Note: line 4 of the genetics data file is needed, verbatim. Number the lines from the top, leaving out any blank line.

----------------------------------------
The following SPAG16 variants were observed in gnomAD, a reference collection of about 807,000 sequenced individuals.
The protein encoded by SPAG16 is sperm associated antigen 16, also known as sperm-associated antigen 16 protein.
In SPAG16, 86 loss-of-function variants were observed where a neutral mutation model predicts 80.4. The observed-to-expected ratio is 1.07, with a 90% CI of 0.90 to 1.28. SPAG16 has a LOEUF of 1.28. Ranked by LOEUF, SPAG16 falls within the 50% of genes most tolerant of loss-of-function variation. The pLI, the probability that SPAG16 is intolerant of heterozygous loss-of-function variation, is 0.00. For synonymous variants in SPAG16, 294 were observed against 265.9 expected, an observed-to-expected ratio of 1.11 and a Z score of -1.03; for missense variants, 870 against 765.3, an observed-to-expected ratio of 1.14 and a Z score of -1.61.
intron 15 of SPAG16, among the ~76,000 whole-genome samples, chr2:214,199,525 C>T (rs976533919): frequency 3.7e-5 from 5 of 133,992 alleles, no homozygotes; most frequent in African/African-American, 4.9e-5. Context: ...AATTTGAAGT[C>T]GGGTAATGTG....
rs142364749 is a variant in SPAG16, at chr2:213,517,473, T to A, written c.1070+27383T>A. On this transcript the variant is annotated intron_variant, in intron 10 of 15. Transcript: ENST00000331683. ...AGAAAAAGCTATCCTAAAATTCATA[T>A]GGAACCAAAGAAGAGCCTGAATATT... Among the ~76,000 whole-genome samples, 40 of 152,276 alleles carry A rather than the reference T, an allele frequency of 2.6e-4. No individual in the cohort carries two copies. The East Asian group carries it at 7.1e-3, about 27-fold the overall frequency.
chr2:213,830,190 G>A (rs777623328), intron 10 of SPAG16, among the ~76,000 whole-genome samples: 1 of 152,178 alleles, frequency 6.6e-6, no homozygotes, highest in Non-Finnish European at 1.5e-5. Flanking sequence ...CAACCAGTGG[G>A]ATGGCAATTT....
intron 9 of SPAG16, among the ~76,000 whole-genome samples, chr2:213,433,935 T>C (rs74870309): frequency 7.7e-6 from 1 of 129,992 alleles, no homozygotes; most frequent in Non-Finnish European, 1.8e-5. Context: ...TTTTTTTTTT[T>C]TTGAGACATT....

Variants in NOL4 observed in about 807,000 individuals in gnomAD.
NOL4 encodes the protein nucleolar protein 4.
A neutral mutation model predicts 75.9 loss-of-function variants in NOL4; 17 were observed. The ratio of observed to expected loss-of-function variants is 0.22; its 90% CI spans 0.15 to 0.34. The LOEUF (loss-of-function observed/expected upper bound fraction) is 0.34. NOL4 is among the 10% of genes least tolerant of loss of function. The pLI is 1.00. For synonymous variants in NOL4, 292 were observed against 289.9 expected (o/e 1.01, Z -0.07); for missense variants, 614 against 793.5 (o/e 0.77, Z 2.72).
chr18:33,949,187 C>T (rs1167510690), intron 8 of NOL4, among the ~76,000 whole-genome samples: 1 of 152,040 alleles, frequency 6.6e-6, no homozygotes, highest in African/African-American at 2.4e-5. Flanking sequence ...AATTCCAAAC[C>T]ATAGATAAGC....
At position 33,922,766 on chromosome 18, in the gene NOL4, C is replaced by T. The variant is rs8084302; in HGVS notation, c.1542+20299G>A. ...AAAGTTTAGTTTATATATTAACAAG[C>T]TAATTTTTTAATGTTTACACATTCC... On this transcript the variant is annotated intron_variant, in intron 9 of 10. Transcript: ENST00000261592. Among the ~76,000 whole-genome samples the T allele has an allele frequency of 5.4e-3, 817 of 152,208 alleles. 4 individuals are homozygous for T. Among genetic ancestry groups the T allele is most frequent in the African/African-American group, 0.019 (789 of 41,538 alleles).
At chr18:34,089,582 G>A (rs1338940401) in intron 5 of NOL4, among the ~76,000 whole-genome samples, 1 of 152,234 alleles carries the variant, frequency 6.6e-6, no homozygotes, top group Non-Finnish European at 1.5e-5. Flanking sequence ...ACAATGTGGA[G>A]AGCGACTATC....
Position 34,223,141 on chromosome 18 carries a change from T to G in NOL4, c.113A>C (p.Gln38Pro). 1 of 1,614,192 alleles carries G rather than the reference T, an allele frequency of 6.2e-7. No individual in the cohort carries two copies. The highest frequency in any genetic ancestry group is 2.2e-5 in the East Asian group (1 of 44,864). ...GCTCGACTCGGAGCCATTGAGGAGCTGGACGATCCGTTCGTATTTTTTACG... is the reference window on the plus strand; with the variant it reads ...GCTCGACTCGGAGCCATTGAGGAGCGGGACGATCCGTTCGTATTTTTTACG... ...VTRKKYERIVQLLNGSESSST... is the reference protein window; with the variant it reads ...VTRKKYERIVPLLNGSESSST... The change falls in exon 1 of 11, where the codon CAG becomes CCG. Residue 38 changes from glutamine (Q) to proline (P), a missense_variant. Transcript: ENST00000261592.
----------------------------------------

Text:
intron 15 of SPAG16, among the ~76,000 whole-genome samples, chr2:214,199,525 C>T (rs976533919): frequency 3.7e-5 from 5 of 133,992 alleles, no homozygotes; most frequent in African/African-American, 4.9e-5. Context: ...AATTTGAAGT[C>T]GGGTAATGTG....